The London-based human rights organisation Amnesty International has criticised the Czech Republic for ill treatment of its Roma minority and cases of degrading treatment of patients in mental hospitals. According to the Amnesty International annual report, released on Wednesday, the cases of ill-treatment of Romanies are not sufficiently investigated and their perpetrators are not sufficiently punished. The report also notes that Roma are affected by high unemployment and Romany children continue to be overrepresented in schools for children with learning difficulties. Amnesty International also points out that "cage beds" are still used in psychiatric hospitals to restrain patients. The organisation considers the use of cage beds in Czech mental institutions to be cruel, inhuman and degrading treatment, violating international law and professional practice.
Finance Minister, Bohuslav Sobotka, has sacked his deputy Jaroslav Sulc after the Czech daily Hospodarske Noviny reported Mr Sulc had collaborated with the communist-era secret police. Mr Sulc allegedly worked as a holder of a "cover address," meaning he gave his postal address at the disposal of the secret police. The paper adds that Mr Sulc received a screening certificate, proving that he had not collaborated with the political police. Holders of "cover addresses" are not explicitly mentioned in the "lustration" screening law of 1991.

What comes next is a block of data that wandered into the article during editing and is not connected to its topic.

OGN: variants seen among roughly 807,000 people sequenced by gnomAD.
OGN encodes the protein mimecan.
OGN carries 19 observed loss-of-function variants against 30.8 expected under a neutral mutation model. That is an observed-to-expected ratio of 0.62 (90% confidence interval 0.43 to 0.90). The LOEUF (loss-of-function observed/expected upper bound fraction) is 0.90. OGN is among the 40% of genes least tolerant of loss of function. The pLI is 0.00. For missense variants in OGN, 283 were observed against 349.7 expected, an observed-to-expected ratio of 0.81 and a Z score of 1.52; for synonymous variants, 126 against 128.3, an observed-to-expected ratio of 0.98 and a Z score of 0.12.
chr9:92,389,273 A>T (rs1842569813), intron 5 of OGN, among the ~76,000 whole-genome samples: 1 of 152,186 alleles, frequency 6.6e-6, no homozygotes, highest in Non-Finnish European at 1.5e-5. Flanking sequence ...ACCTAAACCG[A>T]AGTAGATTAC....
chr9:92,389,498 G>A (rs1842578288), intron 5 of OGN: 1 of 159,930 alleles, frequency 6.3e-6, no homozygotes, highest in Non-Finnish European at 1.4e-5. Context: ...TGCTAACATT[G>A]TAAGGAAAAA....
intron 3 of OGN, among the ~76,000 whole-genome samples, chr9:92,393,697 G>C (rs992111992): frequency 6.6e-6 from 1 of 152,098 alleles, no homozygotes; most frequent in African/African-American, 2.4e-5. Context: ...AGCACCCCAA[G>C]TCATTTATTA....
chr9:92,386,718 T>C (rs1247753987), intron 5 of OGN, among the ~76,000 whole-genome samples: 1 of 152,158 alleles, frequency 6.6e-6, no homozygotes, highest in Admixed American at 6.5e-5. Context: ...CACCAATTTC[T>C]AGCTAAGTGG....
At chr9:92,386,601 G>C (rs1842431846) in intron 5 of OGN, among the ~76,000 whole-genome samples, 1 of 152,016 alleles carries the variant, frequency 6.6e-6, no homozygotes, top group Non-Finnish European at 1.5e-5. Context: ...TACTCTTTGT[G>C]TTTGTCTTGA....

The Czech cabinet has approved draft legislation which abolishes thirteenth and fourteenth month salaries, a form of bonus given to civil servants in the summer and at the end of the year. Instead, the draft proposes to replace the two extra salaries with only 20% of one monthly wage, divided among the twelve salaries in the year. The cabinet also decided to deprive judges, MPs, ministers, and state representatives, of their fourteenth month salary as early as this year. Both draft laws are yet to be approved by parliament and signed by the president. Civil service unions, who oppose the draft, have said they are confident the proposed legislation would not make it through parliament.
Rescue Jesenik 2004, an international conference for rescue workers, has begun in the town of Jesenik. For two days, the world's experts in the fields of emergency health care, including rescue work following terrorist attacks, will share their experiences with some 300 rescue workers from all over the world, including Israel, the United States, and Turkey.
The Czech Republic offers the best living conditions for Slovak citizens who have decided to live abroad, Slovak President Rudolf Schuster said on Wednesday. Mr Schuster is currently in Prague for the last time as Slovak President. He will be succeeded by Ivan Gasparovic, when his term ends in June. At a meeting with Slovak residents in the Czech Republic, he expressed regret over Slovakia's failure to do more to support its citizens abroad.
Thursday should remain partly cloudy with occasional showers. Daytime temperatures are forecast between 14 and 18 degrees Celsius, with a maximum of 20 degrees Celsius in the south-eastern part of the country.
Over 1,000 skeletons discovered during renovation of Kutná Hora “bone church”
Language exams for foreigners seeking permanent residency permit to become tougher
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Prague’s historical Koh-i-noor factory to be converted into residential area
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